Almost all butterflies and moths, including Papilio species, are dependent on their host plants as food in the larval stage and on flowers in the adult stage, and previous research has shown that plant leaves contain higher amounts of K+ than Na+ (e.g., or The authors of [12] measured the amount of each metal ion in the host plant leaves of specific moths; their results supported previous studies. Moreover, the authors of [12] also showed that the urine obtained from the studied moths contained higher amounts of K+ compared with moths fed solutions which contained 0 mM or 1 mM K+ and assumed that K+ excretion is another purpose for puddling in Lepidoptera. In Japan, puddling by P. machaon in the field is rare compared with that of other Japanese Papilio species, although P. machaon is one of the most common butterfly species in Japan and its taste preferences are the same as those of other Papilio species [5]. P. machaon is the only Apiaceae feeder species among the Japanese Papilio species, and this characteristic might affect the need to puddle. Among Japanese Papilionini species, Parides alcinous also rarely participates in puddling and is the Papilionini species in Japan that feeds on Aristolochiaceae. Thus, we expanded our work to measure the concentration of metal ions in the leaves of Japanese Papilionini host plant species to determine whether there is a relationship between puddling frequency and metal ion concentration in host plants. The authors of [13] showed that flower nectar contained higher amounts of K+ than Na+. We also measured the concentration of metal ions in the nectar of flowers that Papilio butterflies commonly visit to determine whether there is a relationship between puddling and metal ion concentrations in nectar.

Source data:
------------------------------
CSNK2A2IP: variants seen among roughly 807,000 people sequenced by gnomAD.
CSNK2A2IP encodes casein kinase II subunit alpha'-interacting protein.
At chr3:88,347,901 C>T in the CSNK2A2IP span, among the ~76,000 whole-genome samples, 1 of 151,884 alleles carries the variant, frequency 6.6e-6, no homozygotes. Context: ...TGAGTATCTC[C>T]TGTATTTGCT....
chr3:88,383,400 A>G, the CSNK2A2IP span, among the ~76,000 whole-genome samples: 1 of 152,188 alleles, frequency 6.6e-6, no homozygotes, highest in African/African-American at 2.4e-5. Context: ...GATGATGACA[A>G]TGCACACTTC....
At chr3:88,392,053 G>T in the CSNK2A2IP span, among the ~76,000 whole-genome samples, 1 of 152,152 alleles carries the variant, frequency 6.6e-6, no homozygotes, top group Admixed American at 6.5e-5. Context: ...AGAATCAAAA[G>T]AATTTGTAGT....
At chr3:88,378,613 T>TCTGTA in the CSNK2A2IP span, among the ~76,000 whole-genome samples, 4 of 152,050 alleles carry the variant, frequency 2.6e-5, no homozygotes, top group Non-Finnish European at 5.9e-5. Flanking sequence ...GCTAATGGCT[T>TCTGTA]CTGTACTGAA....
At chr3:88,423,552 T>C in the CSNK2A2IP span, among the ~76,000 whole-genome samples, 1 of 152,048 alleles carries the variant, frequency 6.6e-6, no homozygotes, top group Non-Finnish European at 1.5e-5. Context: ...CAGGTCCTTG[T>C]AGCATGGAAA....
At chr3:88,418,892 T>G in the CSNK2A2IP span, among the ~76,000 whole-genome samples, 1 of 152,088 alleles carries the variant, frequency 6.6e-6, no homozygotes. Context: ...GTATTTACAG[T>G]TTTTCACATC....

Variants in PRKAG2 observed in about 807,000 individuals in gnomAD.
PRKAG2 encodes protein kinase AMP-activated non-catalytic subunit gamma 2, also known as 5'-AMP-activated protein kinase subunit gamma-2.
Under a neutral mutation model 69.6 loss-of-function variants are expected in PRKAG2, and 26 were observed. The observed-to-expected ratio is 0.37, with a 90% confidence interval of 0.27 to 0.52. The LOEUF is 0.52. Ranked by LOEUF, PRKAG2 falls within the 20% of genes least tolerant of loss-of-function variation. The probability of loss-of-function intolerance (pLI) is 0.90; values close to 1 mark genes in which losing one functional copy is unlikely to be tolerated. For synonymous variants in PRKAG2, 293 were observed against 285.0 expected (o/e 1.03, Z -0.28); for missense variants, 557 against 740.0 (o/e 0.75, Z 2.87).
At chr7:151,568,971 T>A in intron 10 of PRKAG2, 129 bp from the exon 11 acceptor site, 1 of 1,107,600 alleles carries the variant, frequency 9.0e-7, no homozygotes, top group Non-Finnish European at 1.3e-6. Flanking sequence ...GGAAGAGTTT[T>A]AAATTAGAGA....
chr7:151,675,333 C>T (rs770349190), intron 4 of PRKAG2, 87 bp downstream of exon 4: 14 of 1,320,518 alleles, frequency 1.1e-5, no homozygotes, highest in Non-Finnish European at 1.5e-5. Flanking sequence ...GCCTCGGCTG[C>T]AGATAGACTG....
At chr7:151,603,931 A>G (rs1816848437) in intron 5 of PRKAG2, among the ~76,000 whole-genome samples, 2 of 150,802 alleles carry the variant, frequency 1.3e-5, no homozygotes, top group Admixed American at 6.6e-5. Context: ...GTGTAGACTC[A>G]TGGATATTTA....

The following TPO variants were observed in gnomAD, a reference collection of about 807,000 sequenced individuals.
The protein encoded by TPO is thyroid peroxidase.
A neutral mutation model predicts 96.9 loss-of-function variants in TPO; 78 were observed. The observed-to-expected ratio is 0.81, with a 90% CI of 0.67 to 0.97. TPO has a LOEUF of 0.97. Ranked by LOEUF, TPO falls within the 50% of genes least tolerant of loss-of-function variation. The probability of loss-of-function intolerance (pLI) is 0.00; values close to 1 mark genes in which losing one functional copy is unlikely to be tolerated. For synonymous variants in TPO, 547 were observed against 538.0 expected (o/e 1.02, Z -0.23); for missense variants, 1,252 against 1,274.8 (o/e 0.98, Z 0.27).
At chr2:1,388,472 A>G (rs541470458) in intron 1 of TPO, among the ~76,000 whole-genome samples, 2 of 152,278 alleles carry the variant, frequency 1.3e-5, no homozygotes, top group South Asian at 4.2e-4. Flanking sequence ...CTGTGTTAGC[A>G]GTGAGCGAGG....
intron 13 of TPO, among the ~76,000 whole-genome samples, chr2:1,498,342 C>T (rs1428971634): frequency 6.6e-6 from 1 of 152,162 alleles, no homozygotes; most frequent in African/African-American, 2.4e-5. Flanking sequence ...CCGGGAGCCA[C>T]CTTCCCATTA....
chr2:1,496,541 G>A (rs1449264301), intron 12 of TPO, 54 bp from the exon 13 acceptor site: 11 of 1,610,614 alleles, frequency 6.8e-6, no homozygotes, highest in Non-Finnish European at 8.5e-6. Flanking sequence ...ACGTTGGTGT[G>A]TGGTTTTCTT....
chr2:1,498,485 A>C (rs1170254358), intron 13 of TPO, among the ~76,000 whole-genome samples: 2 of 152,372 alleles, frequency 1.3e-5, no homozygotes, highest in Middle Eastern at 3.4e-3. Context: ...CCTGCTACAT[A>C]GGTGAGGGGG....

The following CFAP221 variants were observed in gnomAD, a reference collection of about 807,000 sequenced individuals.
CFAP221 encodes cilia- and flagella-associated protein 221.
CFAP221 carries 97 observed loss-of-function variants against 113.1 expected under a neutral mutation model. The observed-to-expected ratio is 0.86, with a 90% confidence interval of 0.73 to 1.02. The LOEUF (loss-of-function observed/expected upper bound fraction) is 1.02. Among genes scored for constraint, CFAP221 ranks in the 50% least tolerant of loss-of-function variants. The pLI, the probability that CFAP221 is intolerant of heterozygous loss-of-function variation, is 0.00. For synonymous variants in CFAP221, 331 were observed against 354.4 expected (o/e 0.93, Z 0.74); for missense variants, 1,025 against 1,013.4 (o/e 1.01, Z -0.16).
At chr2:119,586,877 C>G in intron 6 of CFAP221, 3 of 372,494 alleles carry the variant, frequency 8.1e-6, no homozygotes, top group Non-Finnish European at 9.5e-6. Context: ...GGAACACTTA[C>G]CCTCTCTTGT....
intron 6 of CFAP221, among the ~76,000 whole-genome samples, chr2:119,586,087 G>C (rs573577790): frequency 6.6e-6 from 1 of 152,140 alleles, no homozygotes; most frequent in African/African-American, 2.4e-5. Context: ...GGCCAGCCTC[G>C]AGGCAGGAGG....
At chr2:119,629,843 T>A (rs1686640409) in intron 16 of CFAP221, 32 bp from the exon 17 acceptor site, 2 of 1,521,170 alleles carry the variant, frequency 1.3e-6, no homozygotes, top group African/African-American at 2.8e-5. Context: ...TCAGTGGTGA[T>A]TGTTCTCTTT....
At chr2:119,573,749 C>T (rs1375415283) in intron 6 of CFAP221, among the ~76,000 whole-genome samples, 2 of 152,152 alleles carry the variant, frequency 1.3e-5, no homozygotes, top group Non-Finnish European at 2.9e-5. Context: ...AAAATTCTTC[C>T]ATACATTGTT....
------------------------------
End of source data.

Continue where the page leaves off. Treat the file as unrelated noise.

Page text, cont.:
As above, the authors of [12] assumed that K+ excretion is another purpose for puddling in Lepidoptera. We hypothesized that butterflies must also excrete K+ when they emerge from their pupae because each individual excretes meconium at this time, and the meconium appears to contain K+. To investigate this possibility, we measured the amounts of the four metal ions in butterfly meconium. Puddling by females is rare in many butterfly species (except Appias, Limenitis and certain Polyommatinae butterflies) for reasons that are not completely understood [14]. Female butterflies may be able to obtain Na+ from male butterflies as a nuptial gift [611]. In addition, because puddling functions to excrete K+, we assumed that rare puddling in female butterflies might be a result of K+ excretion through their eggs. To investigate this possibility, we collected eggs laid by non-mated laboratory females and measured the amounts of the four metal ions in the eggs.